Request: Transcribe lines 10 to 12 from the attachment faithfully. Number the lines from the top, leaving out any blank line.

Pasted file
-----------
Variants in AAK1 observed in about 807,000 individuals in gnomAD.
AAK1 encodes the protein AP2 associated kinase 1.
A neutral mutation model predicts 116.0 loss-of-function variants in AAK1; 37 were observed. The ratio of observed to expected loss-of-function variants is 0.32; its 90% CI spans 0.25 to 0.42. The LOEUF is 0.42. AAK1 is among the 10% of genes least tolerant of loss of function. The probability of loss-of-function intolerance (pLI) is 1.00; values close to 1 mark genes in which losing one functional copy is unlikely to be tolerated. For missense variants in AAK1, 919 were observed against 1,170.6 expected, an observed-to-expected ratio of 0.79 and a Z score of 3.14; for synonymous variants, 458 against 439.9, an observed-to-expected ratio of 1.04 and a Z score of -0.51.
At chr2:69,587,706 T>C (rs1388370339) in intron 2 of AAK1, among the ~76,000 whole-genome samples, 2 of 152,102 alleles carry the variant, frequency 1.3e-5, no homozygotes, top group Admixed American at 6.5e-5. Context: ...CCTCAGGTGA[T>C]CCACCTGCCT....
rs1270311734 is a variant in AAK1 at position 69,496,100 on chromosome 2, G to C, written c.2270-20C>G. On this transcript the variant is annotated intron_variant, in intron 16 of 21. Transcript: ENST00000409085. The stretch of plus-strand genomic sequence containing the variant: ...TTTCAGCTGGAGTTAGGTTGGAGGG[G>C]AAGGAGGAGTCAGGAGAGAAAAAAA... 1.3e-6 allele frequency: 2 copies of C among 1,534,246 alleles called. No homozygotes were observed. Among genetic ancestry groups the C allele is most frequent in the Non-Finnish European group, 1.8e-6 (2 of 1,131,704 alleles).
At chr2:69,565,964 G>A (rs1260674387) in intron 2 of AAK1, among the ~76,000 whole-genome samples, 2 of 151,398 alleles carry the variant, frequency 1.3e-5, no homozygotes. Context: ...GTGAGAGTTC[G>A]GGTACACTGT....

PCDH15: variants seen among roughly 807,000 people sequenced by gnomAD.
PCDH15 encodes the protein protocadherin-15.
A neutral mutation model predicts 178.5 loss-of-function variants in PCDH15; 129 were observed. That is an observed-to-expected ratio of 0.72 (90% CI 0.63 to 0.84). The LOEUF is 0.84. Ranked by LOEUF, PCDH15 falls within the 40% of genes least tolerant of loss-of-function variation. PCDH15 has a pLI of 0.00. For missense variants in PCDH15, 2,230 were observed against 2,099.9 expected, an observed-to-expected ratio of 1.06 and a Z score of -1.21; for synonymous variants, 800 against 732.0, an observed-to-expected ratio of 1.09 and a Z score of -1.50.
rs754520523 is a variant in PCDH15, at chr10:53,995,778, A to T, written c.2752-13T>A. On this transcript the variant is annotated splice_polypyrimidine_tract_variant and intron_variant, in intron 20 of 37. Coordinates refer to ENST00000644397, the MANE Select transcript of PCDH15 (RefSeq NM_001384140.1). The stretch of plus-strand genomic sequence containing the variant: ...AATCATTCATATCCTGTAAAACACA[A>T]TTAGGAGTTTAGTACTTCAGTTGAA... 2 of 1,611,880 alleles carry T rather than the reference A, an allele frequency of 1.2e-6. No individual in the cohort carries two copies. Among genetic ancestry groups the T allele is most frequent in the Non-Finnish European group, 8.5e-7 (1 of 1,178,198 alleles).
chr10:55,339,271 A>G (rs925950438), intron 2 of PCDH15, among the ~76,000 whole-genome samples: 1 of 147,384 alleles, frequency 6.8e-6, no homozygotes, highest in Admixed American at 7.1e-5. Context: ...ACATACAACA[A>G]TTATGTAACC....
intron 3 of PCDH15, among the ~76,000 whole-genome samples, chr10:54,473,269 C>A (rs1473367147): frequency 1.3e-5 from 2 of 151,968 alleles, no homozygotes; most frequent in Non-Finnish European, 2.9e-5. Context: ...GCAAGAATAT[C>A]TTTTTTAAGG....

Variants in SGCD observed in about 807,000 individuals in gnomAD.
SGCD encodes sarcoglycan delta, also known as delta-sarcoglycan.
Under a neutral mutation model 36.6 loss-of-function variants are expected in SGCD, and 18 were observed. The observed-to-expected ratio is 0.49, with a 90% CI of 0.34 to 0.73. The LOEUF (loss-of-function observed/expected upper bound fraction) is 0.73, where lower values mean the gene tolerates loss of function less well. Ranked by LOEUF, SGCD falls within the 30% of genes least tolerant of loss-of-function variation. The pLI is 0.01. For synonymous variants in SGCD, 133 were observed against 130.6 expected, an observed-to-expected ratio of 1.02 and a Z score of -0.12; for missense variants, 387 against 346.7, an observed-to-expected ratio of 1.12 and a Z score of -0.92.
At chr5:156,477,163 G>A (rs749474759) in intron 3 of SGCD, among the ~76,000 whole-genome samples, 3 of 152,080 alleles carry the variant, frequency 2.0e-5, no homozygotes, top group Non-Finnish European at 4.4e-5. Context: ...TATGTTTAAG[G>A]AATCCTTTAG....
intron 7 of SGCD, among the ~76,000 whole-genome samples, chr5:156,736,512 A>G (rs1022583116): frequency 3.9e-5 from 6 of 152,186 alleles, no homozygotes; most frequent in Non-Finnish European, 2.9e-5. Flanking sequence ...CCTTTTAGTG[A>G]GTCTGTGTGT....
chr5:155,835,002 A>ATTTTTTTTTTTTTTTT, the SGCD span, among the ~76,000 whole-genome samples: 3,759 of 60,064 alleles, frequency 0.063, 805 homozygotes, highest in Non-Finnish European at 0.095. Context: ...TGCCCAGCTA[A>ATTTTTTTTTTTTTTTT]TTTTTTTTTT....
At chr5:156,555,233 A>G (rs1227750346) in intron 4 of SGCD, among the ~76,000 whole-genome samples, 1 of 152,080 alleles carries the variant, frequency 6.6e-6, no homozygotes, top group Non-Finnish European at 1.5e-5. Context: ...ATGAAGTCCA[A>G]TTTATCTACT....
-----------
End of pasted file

rs754520523 is a variant in PCDH15, at chr10:53,995,778, A to T, written c.2752-13T>A. On this transcript the variant is annotated splice_polypyrimidine_tract_variant and intron_variant, in intron 20 of 37. Coordinates refer to ENST00000644397, the MANE Select transcript of PCDH15 (RefSeq NM_001384140.1). The stretch of plus-strand genomic sequence containing the variant: ...AATCATTCATATCCTGTAAAACACA[A>T]TTAGGAGTTTAGTACTTCAGTTGAA... 2 of 1,611,880 alleles carry T rather than the reference A, an allele frequency of 1.2e-6. No individual in the cohort carries two copies. Among genetic ancestry groups the T allele is most frequent in the Non-Finnish European group, 8.5e-7 (1 of 1,178,198 alleles).
chr10:55,339,271 A>G (rs925950438), intron 2 of PCDH15, among the ~76,000 whole-genome samples: 1 of 147,384 alleles, frequency 6.8e-6, no homozygotes, highest in Admixed American at 7.1e-5. Context: ...ACATACAACA[A>G]TTATGTAACC....
intron 3 of PCDH15, among the ~76,000 whole-genome samples, chr10:54,473,269 C>A (rs1473367147): frequency 1.3e-5 from 2 of 151,968 alleles, no homozygotes; most frequent in Non-Finnish European, 2.9e-5. Context: ...GCAAGAATAT[C>A]TTTTTTAAGG....